"But I think he has about three months, between now and the State of the Union address, to start going on the offense, to start laying out some issues that mean something to the American people, to overcome the reaction on Katrina, to overcome the energy prices, the gas prices. I think you're going to start seeing it this week, with a Supreme Court nominee, that can get 65 or 70 votes, not somebody who pleads to the far right, but somebody more than a consensus candidate, somebody who, in fact, will be well-received by the American people and the Senate.

"I think you're going to see Bush go abroad and be the foreign policy big-stroke leader, that, in fact, the-- that America looks for. I think you're going to see him on other issues, whether it's immigration or tax reform, and tax simplification and federal spending, start talking about the big items, the big agenda, as he rolls toward his State of the Union address next January.

"I think this is not a Hail Mary pass. I think this is three yards and a cloud of dust. It's the old Vince Lombardi strategy. As Ronald Reagan did back in the aftermath of Iran Contra. You have to work on it day in and day out, to re-establish that presidential leadership that the whole country looks for."

And I leave you with this final exchange between Nixon, Russert, and David Broder:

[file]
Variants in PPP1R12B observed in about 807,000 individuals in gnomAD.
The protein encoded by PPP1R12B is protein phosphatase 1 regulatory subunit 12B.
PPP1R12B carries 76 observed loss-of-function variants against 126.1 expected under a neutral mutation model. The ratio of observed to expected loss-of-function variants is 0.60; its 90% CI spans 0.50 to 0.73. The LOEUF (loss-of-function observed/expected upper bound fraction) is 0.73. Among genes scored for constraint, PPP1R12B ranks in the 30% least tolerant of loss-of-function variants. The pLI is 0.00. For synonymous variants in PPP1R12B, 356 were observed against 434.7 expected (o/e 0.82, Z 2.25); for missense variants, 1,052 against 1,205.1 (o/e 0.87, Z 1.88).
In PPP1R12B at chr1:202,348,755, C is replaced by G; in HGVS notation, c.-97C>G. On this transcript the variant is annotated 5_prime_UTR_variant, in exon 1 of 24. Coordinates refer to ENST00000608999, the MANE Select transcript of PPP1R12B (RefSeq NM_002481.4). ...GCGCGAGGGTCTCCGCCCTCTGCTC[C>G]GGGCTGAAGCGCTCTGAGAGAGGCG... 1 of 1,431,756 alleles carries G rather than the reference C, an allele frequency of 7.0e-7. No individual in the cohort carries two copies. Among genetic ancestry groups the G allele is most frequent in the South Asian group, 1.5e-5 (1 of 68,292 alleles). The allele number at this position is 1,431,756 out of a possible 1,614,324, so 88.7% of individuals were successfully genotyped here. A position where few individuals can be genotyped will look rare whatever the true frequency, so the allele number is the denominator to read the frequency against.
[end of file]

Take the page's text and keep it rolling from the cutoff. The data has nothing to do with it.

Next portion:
MR. RUSSERT: Talking about second term--we had a guest on MEET THE PRESS back in April of 1988 who knows a lot about second terms. His name was Richard Nixon. Let's watch.

(Videotape, April 10, 1988):

FMR. PRES. RICHARD M. NIXON: What I am saying is that second terms are not kind to presidents, particularly in this century. We know, for example, a second term was not kind to even Eisenhower, who was enormously popular. A second term was not kind to Harry Truman. We know it wasn't very kind to me. Under the cir--it wasn't kind to Woodrow Wilson, for example, who had very, very serious problems.

The second term is always very difficult.

(End videotape)

MR. RUSSERT: That's the master of understatement there. But, David Broder, is it just this systemic problem with second terms? Or is this one particular and unique to George W. Bush?

MR. BRODER: No, I think there is a generic quality to this and, again, it's what Panetta talked about: hubris coming from the re-election victory and a certain degree of fatigue. I have to say that I thought the president had taken sensible steps to try to ward off second-term problems. He was well aware of this history. And he had, particularly in the terms of agenda, laid out a very ambitious second-term agenda that he thought would give a real focus and purpose to it. Turned out that he misjudged what the country was looking for in a second term. And the question that I think now confronts the president is: "Can I really rely as much as I have on my own sort of gut instincts to guide my policies? Can I trust the people whose advice has helped shape those policies? Or do I really have to reconsider the whole way in which I have governed?" If he's capable of raising that question for himself, he certainly has time to recover, Bill. But I don't know whether he has that capacity.

The President has a tough road ahead. Let's see what he can do.